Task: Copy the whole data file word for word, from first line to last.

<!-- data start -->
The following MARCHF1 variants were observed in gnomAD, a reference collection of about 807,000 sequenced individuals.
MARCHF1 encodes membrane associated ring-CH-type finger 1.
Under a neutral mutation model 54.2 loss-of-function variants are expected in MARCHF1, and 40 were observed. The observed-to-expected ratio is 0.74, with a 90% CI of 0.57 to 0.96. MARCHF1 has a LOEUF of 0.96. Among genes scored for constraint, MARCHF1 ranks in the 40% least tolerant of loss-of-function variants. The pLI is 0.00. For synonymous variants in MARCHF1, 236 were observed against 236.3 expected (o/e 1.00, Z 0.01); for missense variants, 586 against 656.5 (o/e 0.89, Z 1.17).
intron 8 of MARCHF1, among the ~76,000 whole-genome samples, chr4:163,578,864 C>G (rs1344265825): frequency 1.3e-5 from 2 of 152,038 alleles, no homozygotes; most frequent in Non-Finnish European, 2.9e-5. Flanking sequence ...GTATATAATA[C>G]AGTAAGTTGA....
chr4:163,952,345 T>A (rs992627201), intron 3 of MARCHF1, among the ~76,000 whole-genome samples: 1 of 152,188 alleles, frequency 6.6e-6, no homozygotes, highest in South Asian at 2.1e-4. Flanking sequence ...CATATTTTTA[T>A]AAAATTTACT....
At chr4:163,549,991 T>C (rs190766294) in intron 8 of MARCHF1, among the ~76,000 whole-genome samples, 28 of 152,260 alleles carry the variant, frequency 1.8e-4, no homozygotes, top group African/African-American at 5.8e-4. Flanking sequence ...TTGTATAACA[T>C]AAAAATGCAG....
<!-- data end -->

The following MARCHF1 variants were observed in gnomAD, a reference collection of about 807,000 sequenced individuals.
MARCHF1 encodes membrane associated ring-CH-type finger 1.
Under a neutral mutation model 54.2 loss-of-function variants are expected in MARCHF1, and 40 were observed. The observed-to-expected ratio is 0.74, with a 90% CI of 0.57 to 0.96. MARCHF1 has a LOEUF of 0.96. Among genes scored for constraint, MARCHF1 ranks in the 40% least tolerant of loss-of-function variants. The pLI is 0.00. For synonymous variants in MARCHF1, 236 were observed against 236.3 expected (o/e 1.00, Z 0.01); for missense variants, 586 against 656.5 (o/e 0.89, Z 1.17).
intron 8 of MARCHF1, among the ~76,000 whole-genome samples, chr4:163,578,864 C>G (rs1344265825): frequency 1.3e-5 from 2 of 152,038 alleles, no homozygotes; most frequent in Non-Finnish European, 2.9e-5. Flanking sequence ...GTATATAATA[C>G]AGTAAGTTGA....
chr4:163,952,345 T>A (rs992627201), intron 3 of MARCHF1, among the ~76,000 whole-genome samples: 1 of 152,188 alleles, frequency 6.6e-6, no homozygotes, highest in South Asian at 2.1e-4. Flanking sequence ...CATATTTTTA[T>A]AAAATTTACT....
At chr4:163,549,991 T>C (rs190766294) in intron 8 of MARCHF1, among the ~76,000 whole-genome samples, 28 of 152,260 alleles carry the variant, frequency 1.8e-4, no homozygotes, top group African/African-American at 5.8e-4. Flanking sequence ...TTGTATAACA[T>C]AAAAATGCAG....